Although the art of taekwondo may have origins thousands of years into Korea's past, Master Michael Wegmann and his wife Julia inject a modern approach at Vision Martial Arts. Together, they teach effective techniques to kids, women, and men, imparting equally valuable lessons in self-defense, exercise, and mental discipline. They run their six academies with help from a team of trained instructors, who all focus on developing mentor-like relationships with their students through personal attention and powerful speeches delivered atop school desks. At select locations, they also teach a form of kickboxing similar to krav maga.
With a mission to enable deaf-blind individuals to achieve their full potential, North Carolina Deaf-Blind Associates advocates for the rights and needs of its constituents through consumer advocacy and community-building events. John Washington and Sue Etheridge started the group as a consumer organization in 1983, but it expanded to offer annual conventions and retreats to help reduce the isolation that can result from living with communication obstacles. Conferences promote new technologies and advocate for individual rights, and the Camp Dogwood Deaf-Blind Weekend Retreat provides a much-needed space for deaf-blind adults to socialize, share stories, and participate in life-skills classes, sporting events and dances, and outings to local shopping centers or the lake.
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Running off the infectious sonic fumes from his I Am Not a Human Being album and upcoming full-length Tha Carter IV, Lil Wayne lands his spaceship for a speaker-blowing stop on the extended leg of his summer tour. The Grammy winner touts an impressive curriculum vitae, punctuated by CEO status, unabashed genre-crossing, and standout lyrics woven together with sagacious metaphors. Although Tunechi fans can anticipate a high-octane performance rife with hit singles as well as mixtape favorites, the tour's white-hot opening acts acclimate concertgoers with equal parts R & B silk, rap grit, and synth-powered spunk. Frequent Lil Wayne collaborator and Miami boss Rick Ross partners with breakout diva Keri Hilson, club-bangers Far East Movement, and velvet-voiced Lloyd for a hard-hitting evening that rivals at-home puppet shows outfitted with homemade pyrotechnics.
The museum is home to more than 150,000 artifacts that represent six centuries of North Carolina's history. Current exhibits include Behind the Veneer: Thomas Day, Master Cabinetmaker, featuring the nation's largest collection of furniture made by Thomas Day, a man of color who owned and operated one of North Carolina's largest cabinet shops prior to the Civil war, a recreation of Day's parlor and workshop, and talking portraits. Opening March 4, The Photography of Lewis Hine showcases a selection of photographs documenting the plight of child workers in the state’s textile mills a century ago. Either membership includes invitations to events such as Frolic at the Museum on April 16, celebrating the newest exhibit, The Story of North Carolina, an artifact-packed chronology covering 20,000 square feet.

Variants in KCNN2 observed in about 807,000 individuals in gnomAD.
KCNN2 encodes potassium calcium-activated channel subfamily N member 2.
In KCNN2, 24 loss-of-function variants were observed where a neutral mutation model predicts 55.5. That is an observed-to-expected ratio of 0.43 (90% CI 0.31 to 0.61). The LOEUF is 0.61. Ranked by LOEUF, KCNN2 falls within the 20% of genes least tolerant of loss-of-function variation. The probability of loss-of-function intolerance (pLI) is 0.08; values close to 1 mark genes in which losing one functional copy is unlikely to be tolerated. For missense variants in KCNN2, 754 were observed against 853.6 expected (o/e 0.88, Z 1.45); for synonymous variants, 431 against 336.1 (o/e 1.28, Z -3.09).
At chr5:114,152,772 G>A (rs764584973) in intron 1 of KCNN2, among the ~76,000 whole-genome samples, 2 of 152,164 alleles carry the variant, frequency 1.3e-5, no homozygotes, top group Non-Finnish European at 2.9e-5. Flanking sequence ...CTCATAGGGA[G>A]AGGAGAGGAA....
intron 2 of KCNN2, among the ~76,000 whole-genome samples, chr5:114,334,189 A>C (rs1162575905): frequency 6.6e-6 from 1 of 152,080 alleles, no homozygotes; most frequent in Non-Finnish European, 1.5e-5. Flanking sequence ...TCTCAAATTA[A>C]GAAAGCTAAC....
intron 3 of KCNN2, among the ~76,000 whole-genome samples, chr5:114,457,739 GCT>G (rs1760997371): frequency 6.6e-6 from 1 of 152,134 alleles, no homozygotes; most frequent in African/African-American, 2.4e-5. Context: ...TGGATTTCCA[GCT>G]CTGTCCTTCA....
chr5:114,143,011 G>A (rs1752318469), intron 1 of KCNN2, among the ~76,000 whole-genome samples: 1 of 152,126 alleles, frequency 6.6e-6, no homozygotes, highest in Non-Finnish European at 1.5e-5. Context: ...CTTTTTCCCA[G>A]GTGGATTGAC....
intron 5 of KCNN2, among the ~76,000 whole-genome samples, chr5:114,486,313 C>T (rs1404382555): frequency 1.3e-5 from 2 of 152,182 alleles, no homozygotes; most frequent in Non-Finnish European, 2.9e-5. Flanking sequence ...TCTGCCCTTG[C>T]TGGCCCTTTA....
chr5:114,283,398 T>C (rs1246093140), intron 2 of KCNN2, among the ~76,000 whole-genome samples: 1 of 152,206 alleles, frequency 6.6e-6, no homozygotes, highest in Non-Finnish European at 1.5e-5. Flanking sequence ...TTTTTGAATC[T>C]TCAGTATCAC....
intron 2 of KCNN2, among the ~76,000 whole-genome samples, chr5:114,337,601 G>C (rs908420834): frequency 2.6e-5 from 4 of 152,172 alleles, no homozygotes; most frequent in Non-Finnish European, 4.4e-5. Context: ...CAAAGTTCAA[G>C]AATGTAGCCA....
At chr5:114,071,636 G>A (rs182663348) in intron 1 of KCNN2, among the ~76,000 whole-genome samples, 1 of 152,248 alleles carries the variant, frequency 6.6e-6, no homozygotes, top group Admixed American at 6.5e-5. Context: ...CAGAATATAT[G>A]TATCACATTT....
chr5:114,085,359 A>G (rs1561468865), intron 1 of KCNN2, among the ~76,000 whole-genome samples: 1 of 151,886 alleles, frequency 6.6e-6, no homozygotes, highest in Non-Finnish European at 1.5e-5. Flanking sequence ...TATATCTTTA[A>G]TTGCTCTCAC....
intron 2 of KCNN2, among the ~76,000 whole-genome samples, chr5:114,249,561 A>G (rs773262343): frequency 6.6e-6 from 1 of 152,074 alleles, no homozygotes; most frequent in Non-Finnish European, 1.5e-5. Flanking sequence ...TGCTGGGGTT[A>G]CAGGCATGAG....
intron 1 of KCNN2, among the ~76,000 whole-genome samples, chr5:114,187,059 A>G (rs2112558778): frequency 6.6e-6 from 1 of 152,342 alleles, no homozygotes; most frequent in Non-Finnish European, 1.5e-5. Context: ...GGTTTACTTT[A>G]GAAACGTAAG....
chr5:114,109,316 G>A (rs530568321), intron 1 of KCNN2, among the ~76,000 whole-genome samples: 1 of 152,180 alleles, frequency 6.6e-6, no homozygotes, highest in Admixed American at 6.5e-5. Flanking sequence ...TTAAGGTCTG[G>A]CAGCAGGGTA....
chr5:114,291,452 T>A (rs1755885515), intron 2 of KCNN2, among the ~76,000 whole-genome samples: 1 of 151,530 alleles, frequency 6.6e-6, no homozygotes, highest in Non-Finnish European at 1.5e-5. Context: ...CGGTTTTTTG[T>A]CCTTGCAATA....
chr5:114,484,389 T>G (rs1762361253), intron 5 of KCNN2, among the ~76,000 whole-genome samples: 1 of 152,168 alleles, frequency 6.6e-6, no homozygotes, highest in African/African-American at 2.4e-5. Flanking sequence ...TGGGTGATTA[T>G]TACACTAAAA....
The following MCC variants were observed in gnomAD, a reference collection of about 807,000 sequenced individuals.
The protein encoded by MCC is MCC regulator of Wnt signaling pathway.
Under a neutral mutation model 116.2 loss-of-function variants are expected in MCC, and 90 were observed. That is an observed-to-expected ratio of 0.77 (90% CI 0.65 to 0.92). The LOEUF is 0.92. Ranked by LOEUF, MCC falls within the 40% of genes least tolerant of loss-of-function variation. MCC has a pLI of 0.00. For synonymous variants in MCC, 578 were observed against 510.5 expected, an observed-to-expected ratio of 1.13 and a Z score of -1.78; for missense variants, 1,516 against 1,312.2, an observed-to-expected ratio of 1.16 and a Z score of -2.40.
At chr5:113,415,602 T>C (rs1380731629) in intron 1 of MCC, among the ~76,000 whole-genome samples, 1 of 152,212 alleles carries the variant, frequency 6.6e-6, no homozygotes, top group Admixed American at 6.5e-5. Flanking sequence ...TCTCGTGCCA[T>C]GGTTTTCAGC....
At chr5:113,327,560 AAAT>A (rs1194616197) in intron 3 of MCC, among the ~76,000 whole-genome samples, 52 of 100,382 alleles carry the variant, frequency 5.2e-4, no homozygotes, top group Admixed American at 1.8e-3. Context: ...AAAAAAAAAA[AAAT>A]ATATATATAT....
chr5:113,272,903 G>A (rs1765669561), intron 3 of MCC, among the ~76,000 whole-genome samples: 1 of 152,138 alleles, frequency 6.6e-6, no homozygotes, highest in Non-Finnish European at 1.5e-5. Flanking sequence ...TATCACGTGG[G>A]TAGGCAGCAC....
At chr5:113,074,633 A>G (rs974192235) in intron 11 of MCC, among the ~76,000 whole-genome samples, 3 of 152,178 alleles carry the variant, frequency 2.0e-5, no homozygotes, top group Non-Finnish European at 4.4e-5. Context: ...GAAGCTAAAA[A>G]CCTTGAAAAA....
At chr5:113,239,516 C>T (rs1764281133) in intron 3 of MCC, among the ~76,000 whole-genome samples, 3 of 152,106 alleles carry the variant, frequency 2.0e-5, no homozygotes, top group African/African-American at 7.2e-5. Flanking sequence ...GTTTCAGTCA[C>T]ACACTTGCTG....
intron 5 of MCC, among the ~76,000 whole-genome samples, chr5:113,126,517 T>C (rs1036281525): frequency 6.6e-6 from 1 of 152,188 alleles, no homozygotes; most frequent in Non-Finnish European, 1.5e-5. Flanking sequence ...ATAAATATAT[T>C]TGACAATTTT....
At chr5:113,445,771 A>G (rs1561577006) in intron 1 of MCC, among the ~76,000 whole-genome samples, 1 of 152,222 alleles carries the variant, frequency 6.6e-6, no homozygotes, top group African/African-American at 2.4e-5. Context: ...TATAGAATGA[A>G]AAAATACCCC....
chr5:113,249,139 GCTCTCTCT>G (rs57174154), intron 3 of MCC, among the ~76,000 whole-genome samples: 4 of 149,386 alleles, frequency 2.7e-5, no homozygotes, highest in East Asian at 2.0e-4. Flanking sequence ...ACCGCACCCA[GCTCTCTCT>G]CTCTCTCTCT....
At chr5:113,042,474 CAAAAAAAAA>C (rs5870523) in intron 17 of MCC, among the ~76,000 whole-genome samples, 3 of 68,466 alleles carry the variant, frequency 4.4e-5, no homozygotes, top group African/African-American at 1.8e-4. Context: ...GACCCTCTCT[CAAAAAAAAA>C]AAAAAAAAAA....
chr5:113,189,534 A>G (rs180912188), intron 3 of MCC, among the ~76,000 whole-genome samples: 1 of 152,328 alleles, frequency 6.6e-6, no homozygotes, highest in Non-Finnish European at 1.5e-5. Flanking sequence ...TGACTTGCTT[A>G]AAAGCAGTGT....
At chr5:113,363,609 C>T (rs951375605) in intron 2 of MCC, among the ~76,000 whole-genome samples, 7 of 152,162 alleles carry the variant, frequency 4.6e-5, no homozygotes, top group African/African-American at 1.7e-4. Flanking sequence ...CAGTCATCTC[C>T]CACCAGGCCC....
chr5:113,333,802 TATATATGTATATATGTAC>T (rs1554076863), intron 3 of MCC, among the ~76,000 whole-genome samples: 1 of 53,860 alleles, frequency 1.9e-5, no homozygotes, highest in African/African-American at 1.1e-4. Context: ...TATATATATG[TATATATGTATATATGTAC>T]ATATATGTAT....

In a sunlight-soaked, 1,000-square-foot studio that boasts an ecologically amiable bamboo floor, the certified instructors at Embrace Yoga Studio teach students of all skill levels the poses of traditional Hatha yoga. Drop-in-style classes are held all seven days of the week; each class is limited to 30 health seekers. Hatha yoga instills relaxation and flexibility by combining attention to breathing with a variety of poses, which are designed to increase health, decrease tension, and reduce rigidity acquired from pretending to be a statue. Students are encouraged to bring their own mats, but Embrace Yoga Studio does provide some that are freshified with nontoxic cleaning supplies.
You slide into the starting position, gripping the rope. For a moment, your eyes wander, surveying the white sand beaches and clear waters that surround you. High on a mast above, a cable carrier hooks the other end of your rope—with a tug, you launch into the water. Without the hum of a boat's outboard motor, you're free to concentrate on the sound of your wakeboard cutting the water's surface as you prepare to lift out of the rippling waves and off the first jump.
This is the introduction wake-boarders and wake-skaters at Hexagon Water Park receive when they set out on the flexible cable that winds through the Tucker Lake obstacle course at high speeds. In this controlled environment, instructors help riders of all ages master the particulars of extreme water sports, such as how to stand and when to give ducks the right of way. Beside the cable park, other visitors explore the open water aboard stand-up paddleboats and kayaks. Visitors can also explore beachside attractions such as water slides, rope swings, and inflatable climbing structures.